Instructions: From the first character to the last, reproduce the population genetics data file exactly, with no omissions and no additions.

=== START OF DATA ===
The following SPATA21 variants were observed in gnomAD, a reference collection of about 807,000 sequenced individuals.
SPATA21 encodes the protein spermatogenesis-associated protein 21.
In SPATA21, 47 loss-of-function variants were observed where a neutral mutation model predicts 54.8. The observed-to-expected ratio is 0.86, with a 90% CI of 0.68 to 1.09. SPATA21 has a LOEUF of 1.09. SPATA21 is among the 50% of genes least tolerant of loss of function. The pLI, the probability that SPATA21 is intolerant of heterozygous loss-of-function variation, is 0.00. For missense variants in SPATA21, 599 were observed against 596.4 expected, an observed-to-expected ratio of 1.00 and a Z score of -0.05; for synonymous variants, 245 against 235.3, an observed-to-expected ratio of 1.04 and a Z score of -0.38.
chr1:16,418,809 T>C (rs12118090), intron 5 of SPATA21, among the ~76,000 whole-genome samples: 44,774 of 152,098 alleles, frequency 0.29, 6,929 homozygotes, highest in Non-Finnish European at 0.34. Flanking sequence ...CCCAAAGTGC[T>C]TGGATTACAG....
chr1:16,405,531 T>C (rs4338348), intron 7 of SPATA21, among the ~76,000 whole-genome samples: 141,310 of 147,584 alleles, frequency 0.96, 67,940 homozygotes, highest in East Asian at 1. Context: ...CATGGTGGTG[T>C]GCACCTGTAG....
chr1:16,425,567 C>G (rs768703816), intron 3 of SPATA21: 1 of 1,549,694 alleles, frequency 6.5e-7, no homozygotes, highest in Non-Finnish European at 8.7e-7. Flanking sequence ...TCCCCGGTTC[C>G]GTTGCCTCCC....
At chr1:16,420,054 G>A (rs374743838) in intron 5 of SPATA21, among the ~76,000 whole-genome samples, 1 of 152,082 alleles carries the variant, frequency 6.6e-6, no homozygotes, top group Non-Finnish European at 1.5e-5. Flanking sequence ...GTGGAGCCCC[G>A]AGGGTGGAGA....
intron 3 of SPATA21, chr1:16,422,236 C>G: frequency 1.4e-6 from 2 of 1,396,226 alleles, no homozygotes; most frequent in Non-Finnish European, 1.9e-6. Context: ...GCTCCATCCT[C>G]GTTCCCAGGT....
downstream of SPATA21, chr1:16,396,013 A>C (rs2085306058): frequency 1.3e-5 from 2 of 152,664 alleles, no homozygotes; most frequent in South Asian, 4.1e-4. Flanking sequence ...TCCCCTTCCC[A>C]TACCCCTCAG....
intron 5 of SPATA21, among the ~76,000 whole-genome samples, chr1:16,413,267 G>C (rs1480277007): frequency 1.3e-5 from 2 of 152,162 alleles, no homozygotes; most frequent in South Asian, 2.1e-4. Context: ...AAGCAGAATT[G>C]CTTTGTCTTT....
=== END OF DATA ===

The following SPATA21 variants were observed in gnomAD, a reference collection of about 807,000 sequenced individuals.
SPATA21 encodes the protein spermatogenesis-associated protein 21.
In SPATA21, 47 loss-of-function variants were observed where a neutral mutation model predicts 54.8. The observed-to-expected ratio is 0.86, with a 90% CI of 0.68 to 1.09. SPATA21 has a LOEUF of 1.09. SPATA21 is among the 50% of genes least tolerant of loss of function. The pLI, the probability that SPATA21 is intolerant of heterozygous loss-of-function variation, is 0.00. For missense variants in SPATA21, 599 were observed against 596.4 expected, an observed-to-expected ratio of 1.00 and a Z score of -0.05; for synonymous variants, 245 against 235.3, an observed-to-expected ratio of 1.04 and a Z score of -0.38.
chr1:16,418,809 T>C (rs12118090), intron 5 of SPATA21, among the ~76,000 whole-genome samples: 44,774 of 152,098 alleles, frequency 0.29, 6,929 homozygotes, highest in Non-Finnish European at 0.34. Flanking sequence ...CCCAAAGTGC[T>C]TGGATTACAG....
chr1:16,405,531 T>C (rs4338348), intron 7 of SPATA21, among the ~76,000 whole-genome samples: 141,310 of 147,584 alleles, frequency 0.96, 67,940 homozygotes, highest in East Asian at 1. Context: ...CATGGTGGTG[T>C]GCACCTGTAG....
chr1:16,425,567 C>G (rs768703816), intron 3 of SPATA21: 1 of 1,549,694 alleles, frequency 6.5e-7, no homozygotes, highest in Non-Finnish European at 8.7e-7. Flanking sequence ...TCCCCGGTTC[C>G]GTTGCCTCCC....
At chr1:16,420,054 G>A (rs374743838) in intron 5 of SPATA21, among the ~76,000 whole-genome samples, 1 of 152,082 alleles carries the variant, frequency 6.6e-6, no homozygotes, top group Non-Finnish European at 1.5e-5. Flanking sequence ...GTGGAGCCCC[G>A]AGGGTGGAGA....
intron 3 of SPATA21, chr1:16,422,236 C>G: frequency 1.4e-6 from 2 of 1,396,226 alleles, no homozygotes; most frequent in Non-Finnish European, 1.9e-6. Context: ...GCTCCATCCT[C>G]GTTCCCAGGT....
downstream of SPATA21, chr1:16,396,013 A>C (rs2085306058): frequency 1.3e-5 from 2 of 152,664 alleles, no homozygotes; most frequent in South Asian, 4.1e-4. Flanking sequence ...TCCCCTTCCC[A>C]TACCCCTCAG....
intron 5 of SPATA21, among the ~76,000 whole-genome samples, chr1:16,413,267 G>C (rs1480277007): frequency 1.3e-5 from 2 of 152,162 alleles, no homozygotes; most frequent in South Asian, 2.1e-4. Context: ...AAGCAGAATT[G>C]CTTTGTCTTT....